Dex Desjardins 13:21 And it's and it's a translation delay. So what's happening is, my emotional life is very, very shallow, there's, there's not a ton going on. It takes a tremendous amount of stimulation to move the emotional needle or rattle my cage. And and that's true with most people with ASD. And that's part of why so many of us engage in high risk thrill seeking behavior, it's because you need something to stimulate the emotions to a point where you feel a thing and feel somewhat human. And that's been a big part of my life since childhood. And they don't they don't diagnose ASPD. And children, they start looking at symptoms, usually around age 15, and tend not to make the diagnosis until you're 18 or older. But anyway, yeah, so here's what's happening with that delayed reaction thing. I am looking at a person I'm listening to them speak, I'm thinking about what I know about them in the context in which they're communicating with me, and I'm determining what their emotional status and then I have to figure out how to appropriately respond to that in a way that makes sense to the person because I've got basically two options. I can sit there and be an automaton and not smile and not laugh and, you know, just kind of be flat and boring and seem uncommunicative. Or I can mask you know, masking, you're finding a way to outwardly present in a way that seems what most people would see. Feel is like more naturally human. But when you have to go through a whole process of discerning emotions and figuring out what the appropriate responses, you know, do you smile, do you frown? Do you, you know, give some half assed chuckle at something that said, and so there can be a little delay there, and that delay can be picked up on over time, usually People don't notice it right away, but they start to notice the pattern after a while. And that's and that's what that is. It's this delay in processing where you're going, all right? What's this person thinking? What are they feeling? Okay? What's, what's the appropriate response to this emotion that I'm on perceiving here. And a big part of that is learning, cognitive empathy. And if you had a chance to listen to my December 7, Temple Tuesday service, that the reason I gave that service, it was actually a reaction to the diagnosis. That was the impetus for it. And you know what, when we talk about Satanism, how it intersects, there's a very place where these things collided very, very rapidly when I first joined the Satanic Temple. But anyway, so you know, I've taught myself cognitive empathy over the years I can, I can easily decipher a person's emotional state, I'm not sharing it with them. That's one of the big things that separates someone from as with ASPD, from everyone else, I don't share in people's emotional states, if something terrible happens, I can intellectually acknowledge that I can act with compassion toward them, but inside I'm not feeling it. And to many people, that seems just awful. I mean, for a lot of people, that's the definition of a monster is seeing someone in pain, and not responding to it in a visceral, emotional way. I just don't, it's just it just my brain works differently. And, but that doesn't mean I won't go out of my way to help the person. And that's, I think, where one of the popular notions about ASPD falls flat is this idea that because you're emotionally different, because you're not sharing the emotions of others, therefore, you're going to somehow be a subpar human being, or an actively bad human being.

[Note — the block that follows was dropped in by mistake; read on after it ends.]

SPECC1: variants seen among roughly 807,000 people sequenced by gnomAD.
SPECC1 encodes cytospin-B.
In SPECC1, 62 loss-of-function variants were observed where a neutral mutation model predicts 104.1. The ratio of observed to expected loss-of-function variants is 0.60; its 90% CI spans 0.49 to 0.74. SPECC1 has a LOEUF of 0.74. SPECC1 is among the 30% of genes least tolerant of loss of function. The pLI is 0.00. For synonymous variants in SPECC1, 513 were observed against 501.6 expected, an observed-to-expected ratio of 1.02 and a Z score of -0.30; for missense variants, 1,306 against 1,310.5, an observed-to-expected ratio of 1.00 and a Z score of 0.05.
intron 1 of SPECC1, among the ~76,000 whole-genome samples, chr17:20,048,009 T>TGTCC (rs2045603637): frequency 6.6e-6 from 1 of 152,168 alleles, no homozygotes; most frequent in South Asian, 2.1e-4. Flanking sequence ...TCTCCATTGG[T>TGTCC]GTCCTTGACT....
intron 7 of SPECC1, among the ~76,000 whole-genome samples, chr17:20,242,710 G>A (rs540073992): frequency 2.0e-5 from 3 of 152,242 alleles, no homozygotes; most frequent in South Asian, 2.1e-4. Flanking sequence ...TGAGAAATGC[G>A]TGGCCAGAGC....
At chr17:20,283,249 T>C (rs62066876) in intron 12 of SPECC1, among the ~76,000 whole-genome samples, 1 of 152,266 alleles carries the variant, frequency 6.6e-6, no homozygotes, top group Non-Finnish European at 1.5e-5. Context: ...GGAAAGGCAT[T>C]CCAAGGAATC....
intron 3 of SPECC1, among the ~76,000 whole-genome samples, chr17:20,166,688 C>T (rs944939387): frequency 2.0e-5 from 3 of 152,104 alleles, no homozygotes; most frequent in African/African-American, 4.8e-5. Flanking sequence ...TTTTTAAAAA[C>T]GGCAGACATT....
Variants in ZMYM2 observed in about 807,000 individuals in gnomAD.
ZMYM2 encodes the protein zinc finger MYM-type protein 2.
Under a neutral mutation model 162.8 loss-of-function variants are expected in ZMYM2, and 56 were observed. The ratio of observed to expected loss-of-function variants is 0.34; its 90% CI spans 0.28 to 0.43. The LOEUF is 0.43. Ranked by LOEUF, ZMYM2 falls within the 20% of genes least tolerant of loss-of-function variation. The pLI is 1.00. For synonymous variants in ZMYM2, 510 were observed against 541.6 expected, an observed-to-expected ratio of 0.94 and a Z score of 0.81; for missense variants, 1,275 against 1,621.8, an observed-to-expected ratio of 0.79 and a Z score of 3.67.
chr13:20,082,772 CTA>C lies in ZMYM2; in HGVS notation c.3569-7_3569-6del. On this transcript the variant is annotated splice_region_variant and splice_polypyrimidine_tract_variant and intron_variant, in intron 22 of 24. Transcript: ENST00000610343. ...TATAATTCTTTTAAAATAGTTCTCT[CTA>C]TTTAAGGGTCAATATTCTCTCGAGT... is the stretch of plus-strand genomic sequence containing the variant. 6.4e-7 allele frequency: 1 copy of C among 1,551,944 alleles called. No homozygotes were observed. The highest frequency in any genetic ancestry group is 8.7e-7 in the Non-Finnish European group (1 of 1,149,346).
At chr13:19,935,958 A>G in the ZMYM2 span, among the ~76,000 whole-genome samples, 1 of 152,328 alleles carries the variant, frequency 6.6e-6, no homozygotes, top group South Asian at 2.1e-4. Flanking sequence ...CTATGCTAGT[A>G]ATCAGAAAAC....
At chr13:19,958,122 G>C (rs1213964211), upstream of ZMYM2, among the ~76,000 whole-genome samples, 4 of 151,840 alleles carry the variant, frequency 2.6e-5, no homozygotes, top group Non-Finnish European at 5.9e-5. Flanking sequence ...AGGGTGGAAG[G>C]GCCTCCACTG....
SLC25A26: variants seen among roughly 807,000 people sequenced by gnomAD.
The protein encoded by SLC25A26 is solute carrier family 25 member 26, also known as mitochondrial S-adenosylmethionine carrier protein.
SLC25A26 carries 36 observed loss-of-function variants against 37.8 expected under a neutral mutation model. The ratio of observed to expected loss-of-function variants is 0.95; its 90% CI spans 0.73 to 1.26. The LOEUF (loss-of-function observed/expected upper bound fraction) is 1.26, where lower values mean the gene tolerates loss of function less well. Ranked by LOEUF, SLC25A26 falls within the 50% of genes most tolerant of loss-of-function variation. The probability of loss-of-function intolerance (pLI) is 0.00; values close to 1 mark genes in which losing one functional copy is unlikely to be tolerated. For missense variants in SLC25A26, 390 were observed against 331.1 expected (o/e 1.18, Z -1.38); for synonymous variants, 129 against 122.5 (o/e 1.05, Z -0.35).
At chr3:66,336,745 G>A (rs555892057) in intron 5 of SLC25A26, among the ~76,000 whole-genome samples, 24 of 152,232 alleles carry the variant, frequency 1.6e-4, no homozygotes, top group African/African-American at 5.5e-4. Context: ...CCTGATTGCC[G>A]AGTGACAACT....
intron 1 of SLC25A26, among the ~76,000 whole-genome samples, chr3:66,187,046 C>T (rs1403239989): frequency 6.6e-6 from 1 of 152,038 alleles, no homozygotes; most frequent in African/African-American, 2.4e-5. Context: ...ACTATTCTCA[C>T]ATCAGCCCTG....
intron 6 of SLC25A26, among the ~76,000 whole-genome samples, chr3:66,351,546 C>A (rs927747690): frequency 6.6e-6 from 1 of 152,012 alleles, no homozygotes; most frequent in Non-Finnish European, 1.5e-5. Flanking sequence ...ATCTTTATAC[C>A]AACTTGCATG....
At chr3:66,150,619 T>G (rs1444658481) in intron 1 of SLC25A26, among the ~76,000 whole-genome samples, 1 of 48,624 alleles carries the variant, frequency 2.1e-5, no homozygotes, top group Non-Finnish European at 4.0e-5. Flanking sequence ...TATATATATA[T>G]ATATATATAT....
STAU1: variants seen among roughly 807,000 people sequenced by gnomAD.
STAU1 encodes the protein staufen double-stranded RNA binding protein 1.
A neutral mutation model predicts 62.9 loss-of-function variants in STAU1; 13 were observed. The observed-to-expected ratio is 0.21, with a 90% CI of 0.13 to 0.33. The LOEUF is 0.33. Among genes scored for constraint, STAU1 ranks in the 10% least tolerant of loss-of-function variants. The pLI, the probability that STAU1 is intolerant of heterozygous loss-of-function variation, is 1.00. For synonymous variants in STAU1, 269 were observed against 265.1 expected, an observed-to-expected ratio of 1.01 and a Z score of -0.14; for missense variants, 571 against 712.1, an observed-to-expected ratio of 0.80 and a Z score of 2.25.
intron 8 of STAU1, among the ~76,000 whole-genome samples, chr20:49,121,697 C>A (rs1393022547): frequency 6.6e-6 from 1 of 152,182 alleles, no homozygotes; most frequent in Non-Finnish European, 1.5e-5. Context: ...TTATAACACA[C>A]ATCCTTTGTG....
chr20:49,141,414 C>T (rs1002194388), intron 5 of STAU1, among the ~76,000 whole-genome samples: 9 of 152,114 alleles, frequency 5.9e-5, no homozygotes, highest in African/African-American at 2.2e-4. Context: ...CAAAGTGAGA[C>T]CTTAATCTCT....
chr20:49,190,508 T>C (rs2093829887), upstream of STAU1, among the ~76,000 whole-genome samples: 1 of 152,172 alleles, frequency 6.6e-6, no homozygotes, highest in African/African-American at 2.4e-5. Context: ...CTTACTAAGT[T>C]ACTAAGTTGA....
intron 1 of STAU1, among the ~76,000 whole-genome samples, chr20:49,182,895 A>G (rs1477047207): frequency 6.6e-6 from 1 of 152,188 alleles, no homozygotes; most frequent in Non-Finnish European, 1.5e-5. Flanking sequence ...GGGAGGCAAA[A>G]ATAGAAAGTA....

Stephen Bradford Long 16:41 It doesn't result in Machiavellianism. In other words, it like doesn't equal, it doesn't necessarily equal cruelty. It can, but it doesn't necessarily those. There might be a Venn diagram, but there but one does not necessitate the other.

Dex Desjardins 17:02 Correct. So one of the things that's left out in a lot of discussions about disabilities, mental illnesses, neuro divergence, ease, is the existence of individual personalities, you know, we're all different. And we can all have values, we can all have things we believe in and think are important. And those don't necessarily have to be based off of strong emotional feeling. They can be intellectual. So, you know, when I was a teenager, late in my teens, it's actually probably around the age of 20, I decided that the social contract was a very important thing. Because I felt like, if, if we're in a society that works better, we all benefit, including me, you know, there's a self centeredness to it to a degree.